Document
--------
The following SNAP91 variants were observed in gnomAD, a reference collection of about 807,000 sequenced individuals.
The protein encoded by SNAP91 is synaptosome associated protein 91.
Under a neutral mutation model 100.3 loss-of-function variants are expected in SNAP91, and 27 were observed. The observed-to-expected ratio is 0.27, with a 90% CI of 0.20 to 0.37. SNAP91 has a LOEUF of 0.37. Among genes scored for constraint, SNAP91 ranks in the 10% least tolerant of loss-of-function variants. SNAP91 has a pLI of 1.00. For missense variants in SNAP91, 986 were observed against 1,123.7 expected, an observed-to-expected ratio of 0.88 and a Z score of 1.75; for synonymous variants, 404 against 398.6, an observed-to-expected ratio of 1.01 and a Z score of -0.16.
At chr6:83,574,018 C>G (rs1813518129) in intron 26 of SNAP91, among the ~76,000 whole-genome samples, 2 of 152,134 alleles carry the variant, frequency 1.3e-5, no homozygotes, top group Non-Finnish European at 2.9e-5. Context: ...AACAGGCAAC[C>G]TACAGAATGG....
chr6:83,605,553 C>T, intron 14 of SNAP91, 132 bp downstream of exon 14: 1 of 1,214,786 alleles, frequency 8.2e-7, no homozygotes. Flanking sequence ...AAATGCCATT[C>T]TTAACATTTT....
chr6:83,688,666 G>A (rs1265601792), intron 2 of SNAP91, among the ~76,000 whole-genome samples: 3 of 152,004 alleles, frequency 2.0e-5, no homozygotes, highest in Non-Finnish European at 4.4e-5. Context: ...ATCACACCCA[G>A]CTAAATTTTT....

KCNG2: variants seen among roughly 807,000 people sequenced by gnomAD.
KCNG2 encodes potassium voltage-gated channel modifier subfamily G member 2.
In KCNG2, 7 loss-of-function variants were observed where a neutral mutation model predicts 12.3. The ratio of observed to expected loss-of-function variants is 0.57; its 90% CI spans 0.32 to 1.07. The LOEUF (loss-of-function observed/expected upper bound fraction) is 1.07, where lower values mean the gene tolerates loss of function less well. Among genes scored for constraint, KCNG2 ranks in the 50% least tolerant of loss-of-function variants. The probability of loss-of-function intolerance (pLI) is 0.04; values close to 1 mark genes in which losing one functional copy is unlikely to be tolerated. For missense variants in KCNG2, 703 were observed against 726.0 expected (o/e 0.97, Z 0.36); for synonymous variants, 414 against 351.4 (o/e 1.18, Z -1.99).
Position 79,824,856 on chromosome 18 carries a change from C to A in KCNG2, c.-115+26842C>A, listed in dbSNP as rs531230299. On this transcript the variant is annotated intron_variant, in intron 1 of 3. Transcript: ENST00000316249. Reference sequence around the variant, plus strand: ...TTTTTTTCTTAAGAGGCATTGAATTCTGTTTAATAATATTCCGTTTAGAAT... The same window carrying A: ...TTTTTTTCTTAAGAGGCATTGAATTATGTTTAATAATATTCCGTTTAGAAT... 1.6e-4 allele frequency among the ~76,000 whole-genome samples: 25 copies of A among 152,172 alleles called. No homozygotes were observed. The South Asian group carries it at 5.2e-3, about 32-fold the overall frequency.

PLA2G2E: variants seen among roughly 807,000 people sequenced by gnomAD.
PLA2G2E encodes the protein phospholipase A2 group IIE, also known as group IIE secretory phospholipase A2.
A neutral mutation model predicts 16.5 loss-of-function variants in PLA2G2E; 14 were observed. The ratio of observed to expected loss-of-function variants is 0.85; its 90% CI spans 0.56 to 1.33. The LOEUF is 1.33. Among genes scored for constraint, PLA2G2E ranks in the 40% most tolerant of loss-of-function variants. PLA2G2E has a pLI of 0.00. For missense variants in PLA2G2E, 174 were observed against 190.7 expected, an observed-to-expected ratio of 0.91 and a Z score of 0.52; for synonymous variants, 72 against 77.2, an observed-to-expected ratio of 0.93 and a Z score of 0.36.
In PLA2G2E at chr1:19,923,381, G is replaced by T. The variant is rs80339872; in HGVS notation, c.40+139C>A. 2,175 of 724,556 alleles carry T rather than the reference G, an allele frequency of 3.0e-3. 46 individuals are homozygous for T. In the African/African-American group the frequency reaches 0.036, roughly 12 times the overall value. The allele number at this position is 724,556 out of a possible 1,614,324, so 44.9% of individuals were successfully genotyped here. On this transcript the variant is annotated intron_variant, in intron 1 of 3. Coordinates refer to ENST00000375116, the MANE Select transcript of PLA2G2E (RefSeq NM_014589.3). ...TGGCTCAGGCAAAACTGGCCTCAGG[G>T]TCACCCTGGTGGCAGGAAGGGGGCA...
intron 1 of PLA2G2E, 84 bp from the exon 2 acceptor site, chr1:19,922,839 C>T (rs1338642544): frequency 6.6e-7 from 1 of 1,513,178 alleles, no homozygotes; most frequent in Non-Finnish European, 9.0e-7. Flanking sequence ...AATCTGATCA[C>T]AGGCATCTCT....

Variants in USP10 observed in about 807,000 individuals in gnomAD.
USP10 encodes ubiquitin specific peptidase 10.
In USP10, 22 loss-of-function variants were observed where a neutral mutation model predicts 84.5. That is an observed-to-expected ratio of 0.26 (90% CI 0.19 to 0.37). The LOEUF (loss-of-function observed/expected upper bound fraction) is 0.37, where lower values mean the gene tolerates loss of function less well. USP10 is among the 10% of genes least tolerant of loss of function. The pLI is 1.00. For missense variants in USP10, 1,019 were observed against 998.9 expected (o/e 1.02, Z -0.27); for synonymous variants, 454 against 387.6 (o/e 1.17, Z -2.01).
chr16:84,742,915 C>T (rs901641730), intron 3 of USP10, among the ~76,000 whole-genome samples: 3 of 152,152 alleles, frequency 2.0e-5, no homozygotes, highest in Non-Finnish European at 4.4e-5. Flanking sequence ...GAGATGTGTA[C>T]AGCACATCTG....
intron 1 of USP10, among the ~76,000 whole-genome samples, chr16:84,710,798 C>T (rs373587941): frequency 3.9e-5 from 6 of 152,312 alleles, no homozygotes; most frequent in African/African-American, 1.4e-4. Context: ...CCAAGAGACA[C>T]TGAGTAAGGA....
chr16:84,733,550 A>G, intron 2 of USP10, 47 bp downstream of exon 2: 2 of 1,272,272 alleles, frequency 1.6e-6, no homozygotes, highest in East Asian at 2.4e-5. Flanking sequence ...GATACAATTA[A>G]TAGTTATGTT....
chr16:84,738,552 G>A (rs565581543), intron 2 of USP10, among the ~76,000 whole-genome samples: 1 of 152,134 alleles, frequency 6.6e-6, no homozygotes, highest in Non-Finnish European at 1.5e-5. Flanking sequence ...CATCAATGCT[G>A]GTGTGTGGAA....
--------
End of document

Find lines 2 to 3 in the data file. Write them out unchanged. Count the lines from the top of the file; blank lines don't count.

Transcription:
The protein encoded by SNAP91 is synaptosome associated protein 91.
Under a neutral mutation model 100.3 loss-of-function variants are expected in SNAP91, and 27 were observed. The observed-to-expected ratio is 0.27, with a 90% CI of 0.20 to 0.37. SNAP91 has a LOEUF of 0.37. Among genes scored for constraint, SNAP91 ranks in the 10% least tolerant of loss-of-function variants. SNAP91 has a pLI of 1.00. For missense variants in SNAP91, 986 were observed against 1,123.7 expected, an observed-to-expected ratio of 0.88 and a Z score of 1.75; for synonymous variants, 404 against 398.6, an observed-to-expected ratio of 1.01 and a Z score of -0.16.